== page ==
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02-17-2009, 01:17 PM   #31
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QuoteOriginally posted by Luciferase Quote
But IMHO, lens coats are by far more superior than telescope ones?
Although they wouldn’t have as much light gathering power, but in terms of CA, shouldn’t they outperform single lens spotting scope in daylight?
Is that 500mm a cheaper generic brand? (That’s similar to the setup I had in mind)
As for the good quality of the 70-210mm, that is exactly what I wanted but not a permanent fix setup. Whereas an adaptor that can be mount to ANY lens for a quick conversion to a telescope.
If one adaptor is the price of a cheap spotting scope, having it would double the use of your lens collection than just photos, right?
I would say, that in general a telescope is made to much higher specs than a photographic lens, as the primary image of the scope will be magnified massively by the eyepiece. So any decent (I am not necessarily talking about discount store crap...) telescope will easily outperform even a good photographic lens. Coating is just a tiny part of the game. Telescopes usually have very few lenses (and some mirros designs, as the widely used Newtonian) have no lenses at all - thus multi-coating is by far not as important as it is in photographic lenses. On the other hand good scopes have quality coatings, sometimes even multi-coatings, which are either optimized for visual use or for photographic use (the Pentax scopes always had SMC!)

Ben

02-17-2009, 07:01 PM   #32
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Is that 500mm a cheaper generic brand?

Yes, it is a $80.00 piece of junk that I bought, to remind myself, why I needed to spend money for a Vixen 100mm APO refractor.
The statement "similar results can be achieved even with inexpensive gear", is way too general, maybe.
I think that you are better off, by using your gear for what it was intended for.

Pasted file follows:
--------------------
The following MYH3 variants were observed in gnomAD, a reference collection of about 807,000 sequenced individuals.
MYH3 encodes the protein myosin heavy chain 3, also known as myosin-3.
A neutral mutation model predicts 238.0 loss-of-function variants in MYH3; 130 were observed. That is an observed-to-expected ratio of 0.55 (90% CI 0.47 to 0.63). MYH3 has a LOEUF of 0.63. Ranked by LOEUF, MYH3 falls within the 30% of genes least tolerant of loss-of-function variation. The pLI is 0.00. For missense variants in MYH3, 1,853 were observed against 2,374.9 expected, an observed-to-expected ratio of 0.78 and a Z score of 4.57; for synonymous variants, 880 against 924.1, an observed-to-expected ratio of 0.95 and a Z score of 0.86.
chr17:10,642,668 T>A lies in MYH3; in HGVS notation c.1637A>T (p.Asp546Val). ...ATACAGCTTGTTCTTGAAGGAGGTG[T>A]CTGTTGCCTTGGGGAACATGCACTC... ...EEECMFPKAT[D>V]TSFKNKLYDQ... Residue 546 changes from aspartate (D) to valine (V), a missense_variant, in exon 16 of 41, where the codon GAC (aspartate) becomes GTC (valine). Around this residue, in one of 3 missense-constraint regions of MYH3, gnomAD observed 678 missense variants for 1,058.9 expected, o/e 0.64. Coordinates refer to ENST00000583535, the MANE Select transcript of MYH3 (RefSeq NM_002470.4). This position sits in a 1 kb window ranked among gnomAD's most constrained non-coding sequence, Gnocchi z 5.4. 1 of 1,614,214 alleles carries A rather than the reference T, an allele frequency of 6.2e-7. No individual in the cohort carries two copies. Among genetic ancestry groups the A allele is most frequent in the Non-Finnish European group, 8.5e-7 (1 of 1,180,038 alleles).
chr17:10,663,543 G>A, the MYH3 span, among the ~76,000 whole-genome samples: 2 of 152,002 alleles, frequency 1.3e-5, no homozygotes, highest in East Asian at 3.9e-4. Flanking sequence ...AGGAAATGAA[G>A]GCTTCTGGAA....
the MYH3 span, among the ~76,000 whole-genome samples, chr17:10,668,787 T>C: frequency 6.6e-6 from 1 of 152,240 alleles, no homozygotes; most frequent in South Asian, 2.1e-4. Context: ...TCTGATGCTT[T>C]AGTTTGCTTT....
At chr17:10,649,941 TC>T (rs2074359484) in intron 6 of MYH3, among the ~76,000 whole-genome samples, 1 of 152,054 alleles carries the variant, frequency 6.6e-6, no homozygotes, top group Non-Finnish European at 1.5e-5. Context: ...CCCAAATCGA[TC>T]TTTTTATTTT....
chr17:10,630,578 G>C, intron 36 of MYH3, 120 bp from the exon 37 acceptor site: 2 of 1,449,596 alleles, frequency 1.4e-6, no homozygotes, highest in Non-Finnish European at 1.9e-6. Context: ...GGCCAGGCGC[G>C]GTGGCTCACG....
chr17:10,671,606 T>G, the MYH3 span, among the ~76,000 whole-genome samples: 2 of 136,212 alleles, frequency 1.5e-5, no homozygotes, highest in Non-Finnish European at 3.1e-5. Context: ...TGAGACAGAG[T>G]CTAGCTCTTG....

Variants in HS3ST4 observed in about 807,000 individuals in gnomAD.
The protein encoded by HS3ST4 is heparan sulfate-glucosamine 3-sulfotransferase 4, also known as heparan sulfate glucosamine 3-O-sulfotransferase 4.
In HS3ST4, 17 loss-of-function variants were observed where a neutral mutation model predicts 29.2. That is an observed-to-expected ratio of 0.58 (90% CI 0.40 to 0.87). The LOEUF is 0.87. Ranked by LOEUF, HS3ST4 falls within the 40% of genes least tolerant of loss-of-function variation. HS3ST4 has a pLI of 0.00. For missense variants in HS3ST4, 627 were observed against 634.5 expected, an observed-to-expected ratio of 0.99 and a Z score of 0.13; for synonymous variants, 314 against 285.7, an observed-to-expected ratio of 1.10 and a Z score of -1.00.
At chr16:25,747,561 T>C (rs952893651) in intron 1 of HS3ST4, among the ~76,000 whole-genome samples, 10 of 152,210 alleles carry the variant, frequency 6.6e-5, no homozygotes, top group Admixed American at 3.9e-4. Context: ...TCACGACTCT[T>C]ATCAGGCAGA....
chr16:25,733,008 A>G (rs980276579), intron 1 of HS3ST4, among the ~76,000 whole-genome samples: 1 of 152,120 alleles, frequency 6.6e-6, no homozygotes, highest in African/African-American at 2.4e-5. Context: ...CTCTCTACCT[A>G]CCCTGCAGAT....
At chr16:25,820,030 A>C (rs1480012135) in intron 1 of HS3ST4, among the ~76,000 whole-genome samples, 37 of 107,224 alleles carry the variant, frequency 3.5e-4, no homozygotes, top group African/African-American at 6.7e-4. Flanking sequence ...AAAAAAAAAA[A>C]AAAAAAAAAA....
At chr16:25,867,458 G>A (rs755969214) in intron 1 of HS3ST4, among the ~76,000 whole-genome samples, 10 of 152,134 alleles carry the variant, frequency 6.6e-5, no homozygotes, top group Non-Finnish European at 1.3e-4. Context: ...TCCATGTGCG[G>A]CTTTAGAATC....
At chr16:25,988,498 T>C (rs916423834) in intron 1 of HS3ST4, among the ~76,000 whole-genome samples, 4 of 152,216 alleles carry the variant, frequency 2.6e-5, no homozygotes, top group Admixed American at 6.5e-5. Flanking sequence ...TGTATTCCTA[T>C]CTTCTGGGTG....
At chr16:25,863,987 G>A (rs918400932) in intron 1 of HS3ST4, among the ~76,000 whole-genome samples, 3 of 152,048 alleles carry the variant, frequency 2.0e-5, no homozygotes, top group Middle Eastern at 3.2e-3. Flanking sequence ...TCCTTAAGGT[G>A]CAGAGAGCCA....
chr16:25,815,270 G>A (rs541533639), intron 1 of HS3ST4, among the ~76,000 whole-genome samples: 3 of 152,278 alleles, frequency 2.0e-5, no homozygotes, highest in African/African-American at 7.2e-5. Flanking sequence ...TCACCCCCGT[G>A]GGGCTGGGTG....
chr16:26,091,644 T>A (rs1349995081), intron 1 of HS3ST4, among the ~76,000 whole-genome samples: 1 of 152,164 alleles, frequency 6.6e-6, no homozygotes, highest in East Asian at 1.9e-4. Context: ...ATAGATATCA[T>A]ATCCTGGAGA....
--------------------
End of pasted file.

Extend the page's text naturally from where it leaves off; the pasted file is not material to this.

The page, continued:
There could be a reason why lens to 1.25" eyepiece adapters are difficult to locate.
For what it is worth, I had fun piecing together those 2 science projects without spending a penny. Were the results good enough to think about making something permanent, no!.

Cheers, Mike.
03-23-2009, 07:28 PM   #33
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QuoteOriginally posted by Luciferase Quote
Had anyone seen any adaptor that could convert a K mount lens (not a m42) to a 1.25" eyepiece holder?
If you're still looking for this, then have a look at this thread:

Something not often seen


...which discusses this item on eBay:

Pentax Monocular Converter K - New In Box - Very Rare!
03-23-2009, 08:36 PM   #34
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I'm a bit surpriced this thread could go on until toay before someone pointed out that the Pentax monocular converter K was the obvious existing solution.



I see them quite regularly on ebay so I don't think they are very rare. I baught mine new from Pentax in the 90's, but don't know if they still make it. Don't pay as much as they ask in that ebay link, I've seen them go for considerably less. Also there are third party copies.

03-24-2009, 03:43 AM   #35
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QuoteOriginally posted by Douglas_of_Sweden Quote
I'm a bit surpriced this thread could go on until toay before someone pointed out that the Pentax monocular converter K was the obvious existing solution.
I see them quite regularly on ebay so I don't think they are very rare. I baught mine new from Pentax in the 90's, but don't know if they still make it. Don't pay as much as they ask in that ebay link, I've seen them go for considerably less.